If you want to cover both options you can always choose a steel fireplace with cast iron internal parts and a cast iron door.

Primary air, Secondary air/Air wash, Clean burn and Tertiary air explained

Primary air

In the mid-19th century, long before the days of global warming discussions, stoves were being widely produced in Europe as cast-iron boxes with many chambers, designed with a firebox in the bottom chamber. Air entered the stove in many cases at the base of the fire bed to ignite and burn the fuel. This was known as Primary air. Primary air is still used today in multifuel fireplaces as a controllable inlet at the base of the stove door. It is the primary or main combustion air inlet into the fireplace chamber under the fuel bed. This air ensures good ignition of fossil and non-fossil fuels and if it is not controlled by the air inlet control it will cause the multifuel stove to burn fiercely. Multifuel fireplaces in the not so recent past had solid cast-iron doors, as pyroceramic glass was not available. As woodburning and multifuel fireplaces advanced, secondary air was developed with panes of pyroceramic glass and better fuel combustion (a requirement to reduce emissions).

Secondary air
Secondary air is an extra addition of air through an air inlet or inlets above the fireplace door. The Secondary air exit vent is close to the angled baffle plate at the top of the fire chamber and angles downwards appearing as a narrow vent above the fireplace door and glass. This vent introduces a stream of warm air just as the unburnt gases rise to pass by the baffle plate, and enter the gas exit chamber. The warm air ignites the gases, resulting in a Secondary burn with more heat and fewer emissions. The Secondary warm air from the vent flows downwards behind the glass to the top of the fire bed, also aiding in Secondary combustion and creating a warm air film over the glass. This hinders the smoke from blackening the glass. As the temperature in the fire chamber rises and the secondary air flowing downwards behind the glass gets hotter, you can see the hot air visibly clean the glass. This action is called air-wash. Woodburning fireplaces work best after initial ignition by only using this upper controllable inlet, as they burn differently than fireplaces that burn fossil fuels. The Secondary air inlet should also be used to control multifuel fireplaces, once the fire is well established, with the opening up of the primary air inlet again when more fossil fuel is added or if the fuel is not combusting well.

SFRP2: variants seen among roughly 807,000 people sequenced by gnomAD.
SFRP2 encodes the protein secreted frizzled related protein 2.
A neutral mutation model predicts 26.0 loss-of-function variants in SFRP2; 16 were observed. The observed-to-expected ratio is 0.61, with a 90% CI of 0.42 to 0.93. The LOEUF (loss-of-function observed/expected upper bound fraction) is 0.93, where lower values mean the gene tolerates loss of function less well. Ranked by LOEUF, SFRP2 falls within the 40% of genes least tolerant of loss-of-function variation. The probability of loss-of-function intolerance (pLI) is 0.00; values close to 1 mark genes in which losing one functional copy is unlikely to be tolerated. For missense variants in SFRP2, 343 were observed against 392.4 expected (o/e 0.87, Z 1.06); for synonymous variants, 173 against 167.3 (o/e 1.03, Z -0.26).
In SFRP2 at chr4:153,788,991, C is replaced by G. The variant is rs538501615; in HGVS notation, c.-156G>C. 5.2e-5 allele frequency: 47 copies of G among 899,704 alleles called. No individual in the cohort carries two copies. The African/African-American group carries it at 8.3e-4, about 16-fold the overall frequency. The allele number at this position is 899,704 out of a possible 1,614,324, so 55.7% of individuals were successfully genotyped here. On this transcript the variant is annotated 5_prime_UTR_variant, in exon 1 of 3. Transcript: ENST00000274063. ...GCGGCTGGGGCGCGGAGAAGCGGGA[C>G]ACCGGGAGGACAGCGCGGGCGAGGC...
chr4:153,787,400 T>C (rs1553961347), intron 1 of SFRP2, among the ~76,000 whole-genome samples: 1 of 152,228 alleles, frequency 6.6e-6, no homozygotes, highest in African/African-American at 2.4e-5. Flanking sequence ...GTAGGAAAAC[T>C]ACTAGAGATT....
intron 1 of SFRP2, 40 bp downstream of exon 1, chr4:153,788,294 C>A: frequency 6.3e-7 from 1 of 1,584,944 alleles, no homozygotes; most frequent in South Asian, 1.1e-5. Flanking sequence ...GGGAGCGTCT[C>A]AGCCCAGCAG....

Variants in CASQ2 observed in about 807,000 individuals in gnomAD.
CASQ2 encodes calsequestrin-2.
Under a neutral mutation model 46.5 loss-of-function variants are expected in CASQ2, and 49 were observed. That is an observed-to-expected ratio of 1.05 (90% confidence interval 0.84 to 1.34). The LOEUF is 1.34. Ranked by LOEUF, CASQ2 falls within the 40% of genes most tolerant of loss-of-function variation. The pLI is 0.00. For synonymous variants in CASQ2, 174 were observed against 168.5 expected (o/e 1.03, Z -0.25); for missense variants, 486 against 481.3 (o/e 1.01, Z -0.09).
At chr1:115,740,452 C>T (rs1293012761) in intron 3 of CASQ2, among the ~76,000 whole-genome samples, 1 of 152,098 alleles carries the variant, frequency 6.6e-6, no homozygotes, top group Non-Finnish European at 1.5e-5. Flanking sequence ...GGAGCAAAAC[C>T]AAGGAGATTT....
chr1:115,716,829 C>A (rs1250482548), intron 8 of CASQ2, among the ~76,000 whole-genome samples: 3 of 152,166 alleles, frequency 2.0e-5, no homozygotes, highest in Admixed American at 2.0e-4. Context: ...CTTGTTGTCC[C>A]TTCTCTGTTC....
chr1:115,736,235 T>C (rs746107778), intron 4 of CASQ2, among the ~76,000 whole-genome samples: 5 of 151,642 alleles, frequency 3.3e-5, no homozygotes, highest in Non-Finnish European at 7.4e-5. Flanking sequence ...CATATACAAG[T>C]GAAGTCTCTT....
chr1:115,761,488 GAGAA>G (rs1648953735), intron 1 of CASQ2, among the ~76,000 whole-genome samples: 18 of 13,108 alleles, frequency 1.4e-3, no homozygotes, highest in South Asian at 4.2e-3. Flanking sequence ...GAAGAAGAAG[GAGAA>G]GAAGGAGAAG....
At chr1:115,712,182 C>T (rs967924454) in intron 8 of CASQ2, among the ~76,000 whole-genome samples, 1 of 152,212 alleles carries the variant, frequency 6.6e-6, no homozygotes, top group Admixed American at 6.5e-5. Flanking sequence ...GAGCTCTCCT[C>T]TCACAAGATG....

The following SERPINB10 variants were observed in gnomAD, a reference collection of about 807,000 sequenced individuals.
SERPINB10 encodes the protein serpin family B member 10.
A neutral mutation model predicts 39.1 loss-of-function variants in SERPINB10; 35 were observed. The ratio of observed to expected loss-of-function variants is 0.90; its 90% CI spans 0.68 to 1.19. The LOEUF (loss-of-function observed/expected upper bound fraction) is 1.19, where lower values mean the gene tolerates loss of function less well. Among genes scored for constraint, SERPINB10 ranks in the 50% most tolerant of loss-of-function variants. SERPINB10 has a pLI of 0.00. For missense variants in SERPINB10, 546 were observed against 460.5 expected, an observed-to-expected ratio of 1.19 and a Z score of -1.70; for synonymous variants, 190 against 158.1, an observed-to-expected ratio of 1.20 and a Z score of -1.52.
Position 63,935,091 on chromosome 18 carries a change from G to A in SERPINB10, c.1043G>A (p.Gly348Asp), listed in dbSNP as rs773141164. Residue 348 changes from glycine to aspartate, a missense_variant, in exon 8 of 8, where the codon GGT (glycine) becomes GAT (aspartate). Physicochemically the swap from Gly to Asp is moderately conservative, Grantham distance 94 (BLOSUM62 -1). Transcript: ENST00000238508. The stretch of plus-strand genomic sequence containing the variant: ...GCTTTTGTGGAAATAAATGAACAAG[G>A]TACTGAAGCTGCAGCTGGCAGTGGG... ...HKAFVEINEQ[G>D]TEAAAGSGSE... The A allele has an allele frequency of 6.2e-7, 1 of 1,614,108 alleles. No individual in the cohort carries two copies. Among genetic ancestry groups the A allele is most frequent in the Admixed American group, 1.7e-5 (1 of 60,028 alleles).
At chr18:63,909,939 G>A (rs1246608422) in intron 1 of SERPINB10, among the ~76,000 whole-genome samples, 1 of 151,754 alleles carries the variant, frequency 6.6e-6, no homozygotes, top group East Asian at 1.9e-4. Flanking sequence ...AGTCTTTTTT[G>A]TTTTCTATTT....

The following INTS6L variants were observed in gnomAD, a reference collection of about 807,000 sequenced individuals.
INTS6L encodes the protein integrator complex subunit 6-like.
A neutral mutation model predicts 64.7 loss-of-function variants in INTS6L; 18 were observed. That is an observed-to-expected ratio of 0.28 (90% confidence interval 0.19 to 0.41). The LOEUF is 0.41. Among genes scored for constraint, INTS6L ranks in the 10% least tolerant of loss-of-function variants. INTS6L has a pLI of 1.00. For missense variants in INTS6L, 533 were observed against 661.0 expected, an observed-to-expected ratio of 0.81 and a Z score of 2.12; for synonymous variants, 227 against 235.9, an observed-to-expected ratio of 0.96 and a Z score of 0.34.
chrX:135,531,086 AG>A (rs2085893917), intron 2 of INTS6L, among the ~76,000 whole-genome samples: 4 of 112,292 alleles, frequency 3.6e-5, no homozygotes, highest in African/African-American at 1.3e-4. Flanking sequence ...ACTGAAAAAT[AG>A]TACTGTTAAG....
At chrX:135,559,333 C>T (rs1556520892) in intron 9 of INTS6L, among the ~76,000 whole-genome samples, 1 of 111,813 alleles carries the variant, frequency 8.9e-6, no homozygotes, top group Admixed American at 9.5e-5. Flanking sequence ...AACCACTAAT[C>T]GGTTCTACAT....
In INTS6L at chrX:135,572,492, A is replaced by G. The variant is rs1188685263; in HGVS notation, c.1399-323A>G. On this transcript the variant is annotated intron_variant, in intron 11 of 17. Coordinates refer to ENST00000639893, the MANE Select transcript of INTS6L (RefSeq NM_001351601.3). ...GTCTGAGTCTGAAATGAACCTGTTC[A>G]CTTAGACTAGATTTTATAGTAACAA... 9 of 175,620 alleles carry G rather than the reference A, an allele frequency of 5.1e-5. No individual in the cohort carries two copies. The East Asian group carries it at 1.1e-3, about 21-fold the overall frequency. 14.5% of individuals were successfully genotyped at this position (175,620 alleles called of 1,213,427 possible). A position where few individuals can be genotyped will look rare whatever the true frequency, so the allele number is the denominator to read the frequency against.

Cleanburn or preheated Secondary air
Cleanburn is really preheated Secondary air. The Secondary air, instead of entering the woodburning or multifuel fireplace at an inlet or inlets above the door, is very often brought up via ducts from the lower back of the fireplace. The air is partially fed into the lower part of the fire chamber and the rest of the hot air, is ducted above the fireplace door to a similar exit vent as described above, near the edge of the baffle plate. It again flows down over the door to give a hot air wash and then travels into the fire chamber as hot Secondary air. The next time you have a good look at a fireplace you will see the same channel just inside, above the door on both a Secondary air and a clean burn fireplace. The difference being the clean burn fireplace will normally have its Secondary inlet control at the base of the fireplace. This preheated Secondary air ignites some unburnt gases in the lower and upper parts of the fire chamber, which burn off at higher temperatures than the direct Secondary air can achieve. The glass usually stays super clean with preheated secondary air systems. The result of the clean burn or preheated Secondary air is much better combustion and lower emissions from a woodburning fireplace.